One major flaw with humans is our ability to deny just about anything. Even when it’s right in front of our faces. Especially death.
After the 1918 Spanish Flu pandemic– no one ever discussed it. If it was discussed, it was in a passing comment or a three-sentence paragraph.
Same thing for the 1831 cholera pandemic in England and beyond. After more than 52,000 lives were claimed to cholera- it was never discussed or mentioned.
Oh yes, and the Black Death? The bubonic plague that decimated Europe for three years; again, rarely discussed.
The 1918 flu is never mentioned in textbooks when World War I is discussed; even though it killed more than the actual war itself.
Is it our fear of death that prevents us from actually acknowledging its existence? Even when its everywhere? Are we so afraid to acknowledge our own mortality?
I understand the trauma of seeing people dying every day. Seeing coffins stacked up. Mass graves being dug. But after it’s over…..
I recently had a patient who lost her grandmother. She was a wreck when she came into the office. I offered my condolences and some advice on keeping healthy during a time of intense grief (I have experienced it way too many times). The following week she came back in, and while she looked tired, she didn’t seem like someone who just lost someone. I asked her the obvious question: How are you doing?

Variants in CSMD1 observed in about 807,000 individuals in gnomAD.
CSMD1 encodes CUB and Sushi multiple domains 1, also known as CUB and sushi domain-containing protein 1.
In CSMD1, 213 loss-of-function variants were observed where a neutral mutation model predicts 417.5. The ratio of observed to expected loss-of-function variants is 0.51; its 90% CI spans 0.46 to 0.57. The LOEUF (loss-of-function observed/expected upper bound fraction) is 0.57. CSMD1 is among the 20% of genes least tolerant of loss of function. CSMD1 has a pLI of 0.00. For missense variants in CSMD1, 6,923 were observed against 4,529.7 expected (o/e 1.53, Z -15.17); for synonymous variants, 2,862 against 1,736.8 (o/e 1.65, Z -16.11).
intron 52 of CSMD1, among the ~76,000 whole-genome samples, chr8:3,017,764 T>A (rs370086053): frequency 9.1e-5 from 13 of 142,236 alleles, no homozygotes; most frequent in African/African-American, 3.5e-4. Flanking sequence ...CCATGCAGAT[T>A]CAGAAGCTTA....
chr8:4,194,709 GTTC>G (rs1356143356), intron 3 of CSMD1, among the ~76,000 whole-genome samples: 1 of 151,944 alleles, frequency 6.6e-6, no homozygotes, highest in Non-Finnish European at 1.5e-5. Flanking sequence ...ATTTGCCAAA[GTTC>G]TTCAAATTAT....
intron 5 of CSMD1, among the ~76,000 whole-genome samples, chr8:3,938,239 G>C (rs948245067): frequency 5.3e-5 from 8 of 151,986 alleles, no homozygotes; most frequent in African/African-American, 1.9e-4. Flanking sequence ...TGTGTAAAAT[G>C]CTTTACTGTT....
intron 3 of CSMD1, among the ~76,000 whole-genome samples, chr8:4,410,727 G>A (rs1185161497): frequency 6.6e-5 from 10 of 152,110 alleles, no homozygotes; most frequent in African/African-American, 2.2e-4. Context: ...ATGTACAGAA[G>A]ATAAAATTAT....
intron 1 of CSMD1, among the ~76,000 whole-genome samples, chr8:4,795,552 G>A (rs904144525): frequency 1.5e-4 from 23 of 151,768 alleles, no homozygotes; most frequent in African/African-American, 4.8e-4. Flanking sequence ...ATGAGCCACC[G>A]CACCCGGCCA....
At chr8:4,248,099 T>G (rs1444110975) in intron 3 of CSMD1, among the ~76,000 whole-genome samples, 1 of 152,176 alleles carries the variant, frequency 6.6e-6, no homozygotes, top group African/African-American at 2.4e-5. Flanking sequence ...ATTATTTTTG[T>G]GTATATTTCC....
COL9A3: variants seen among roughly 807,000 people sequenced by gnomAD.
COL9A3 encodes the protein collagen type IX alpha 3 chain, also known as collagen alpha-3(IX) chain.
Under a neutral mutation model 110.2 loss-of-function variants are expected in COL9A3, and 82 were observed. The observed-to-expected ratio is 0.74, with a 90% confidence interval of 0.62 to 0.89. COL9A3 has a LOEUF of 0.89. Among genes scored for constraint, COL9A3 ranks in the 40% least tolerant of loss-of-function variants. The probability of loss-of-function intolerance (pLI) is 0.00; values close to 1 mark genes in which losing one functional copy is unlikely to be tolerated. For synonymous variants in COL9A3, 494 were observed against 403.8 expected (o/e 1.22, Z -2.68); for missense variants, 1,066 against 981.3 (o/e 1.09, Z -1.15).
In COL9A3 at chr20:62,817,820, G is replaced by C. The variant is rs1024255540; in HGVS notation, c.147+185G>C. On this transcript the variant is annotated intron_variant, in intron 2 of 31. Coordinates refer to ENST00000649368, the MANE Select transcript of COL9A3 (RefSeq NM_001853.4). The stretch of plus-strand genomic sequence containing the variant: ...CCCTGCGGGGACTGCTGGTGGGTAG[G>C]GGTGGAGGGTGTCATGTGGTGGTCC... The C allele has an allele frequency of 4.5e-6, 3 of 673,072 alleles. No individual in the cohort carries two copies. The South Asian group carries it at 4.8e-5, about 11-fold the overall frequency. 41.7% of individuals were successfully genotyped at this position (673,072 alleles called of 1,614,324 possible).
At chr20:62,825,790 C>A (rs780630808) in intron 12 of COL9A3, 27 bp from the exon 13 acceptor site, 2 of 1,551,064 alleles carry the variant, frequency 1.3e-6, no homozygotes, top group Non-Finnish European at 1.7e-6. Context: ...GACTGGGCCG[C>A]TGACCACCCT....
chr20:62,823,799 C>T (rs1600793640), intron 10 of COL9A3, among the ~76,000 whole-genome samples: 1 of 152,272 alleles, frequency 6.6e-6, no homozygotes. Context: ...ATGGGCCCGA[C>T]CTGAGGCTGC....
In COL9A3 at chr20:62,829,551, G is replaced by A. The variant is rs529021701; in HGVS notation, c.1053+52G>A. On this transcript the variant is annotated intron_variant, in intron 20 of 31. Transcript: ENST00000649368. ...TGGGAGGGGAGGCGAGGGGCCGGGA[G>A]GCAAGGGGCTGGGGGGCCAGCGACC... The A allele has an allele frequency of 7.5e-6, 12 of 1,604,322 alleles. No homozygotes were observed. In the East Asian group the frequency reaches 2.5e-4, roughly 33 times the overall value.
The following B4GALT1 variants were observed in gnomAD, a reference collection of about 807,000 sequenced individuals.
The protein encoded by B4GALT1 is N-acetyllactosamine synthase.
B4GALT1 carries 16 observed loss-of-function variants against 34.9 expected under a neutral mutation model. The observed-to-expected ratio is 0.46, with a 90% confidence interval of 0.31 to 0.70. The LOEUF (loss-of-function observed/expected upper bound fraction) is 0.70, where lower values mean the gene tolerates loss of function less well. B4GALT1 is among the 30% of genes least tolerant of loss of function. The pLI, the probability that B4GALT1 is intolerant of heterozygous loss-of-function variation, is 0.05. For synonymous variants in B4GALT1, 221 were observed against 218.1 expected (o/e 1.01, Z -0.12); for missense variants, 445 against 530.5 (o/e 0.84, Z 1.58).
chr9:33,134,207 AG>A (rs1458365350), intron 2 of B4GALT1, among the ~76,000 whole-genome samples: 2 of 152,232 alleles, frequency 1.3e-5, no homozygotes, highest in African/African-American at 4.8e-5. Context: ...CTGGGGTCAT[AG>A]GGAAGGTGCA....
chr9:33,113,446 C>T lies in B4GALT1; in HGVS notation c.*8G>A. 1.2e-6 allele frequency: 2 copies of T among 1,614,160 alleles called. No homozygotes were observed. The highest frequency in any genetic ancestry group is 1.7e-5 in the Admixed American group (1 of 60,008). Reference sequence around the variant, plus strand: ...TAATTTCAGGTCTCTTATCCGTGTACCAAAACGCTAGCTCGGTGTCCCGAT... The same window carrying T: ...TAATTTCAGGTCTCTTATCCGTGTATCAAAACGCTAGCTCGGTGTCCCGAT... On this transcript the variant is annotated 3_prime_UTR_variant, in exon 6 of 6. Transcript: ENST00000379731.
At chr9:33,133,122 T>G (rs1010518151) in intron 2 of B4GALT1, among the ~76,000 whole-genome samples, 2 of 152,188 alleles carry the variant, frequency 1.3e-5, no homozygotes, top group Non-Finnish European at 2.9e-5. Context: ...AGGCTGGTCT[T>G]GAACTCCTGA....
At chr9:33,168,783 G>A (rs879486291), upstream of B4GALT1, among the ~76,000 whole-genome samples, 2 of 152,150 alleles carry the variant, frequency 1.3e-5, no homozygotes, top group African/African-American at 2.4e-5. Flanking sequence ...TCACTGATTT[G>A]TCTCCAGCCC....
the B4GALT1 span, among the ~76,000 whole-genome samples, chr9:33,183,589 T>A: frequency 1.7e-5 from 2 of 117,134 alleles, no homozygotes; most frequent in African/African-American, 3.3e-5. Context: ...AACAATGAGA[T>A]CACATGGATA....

Her response was basically, “I am working two jobs and going to meetings so I can’t think about it.”
I jumped right away into healer mode. I explained to her how bad it was not to acknowledge the death of her grandmother, but also her own grief. Keeping in grief will only cause more damage in the future than actually dealing with it when its there. When I worked in hospice I saw it all the time. Family members not dealing with the reality that their loved one is dying. When death came they would just brush it off. The “we knew it was coming,” quote I heard a thousand times.
What about death is so frightening that when it’s right there we ignore it? Never discuss it. Never want to deal with it. Even those with strong religious and spiritual lives deny the obvious.
We are all dying.
Accepting our own mortality, even in the face of death itself, can not only empower us with the ability to live our lives to the fullest but also give us the strength we need when our loved ones pass away. We are not as fragile as we think we are. Pretending that death will not happen–or, that death happened on a large scale– is only denying our ability to recognize our own mortality.
And as for those who passed away- how horrible is it to just forget them? Forget what happened? Forget how they died? Never discussing it again. Don’t they deserve respect? I was so happy when I hear that the Mutter Museum in Philadelphia was holding a mournful march to honor those who died in the 1918 flu epidemic. Finally acknowledging not only the victims but also death itself.
Until we can stop denying the obvious- we are never going to truly live.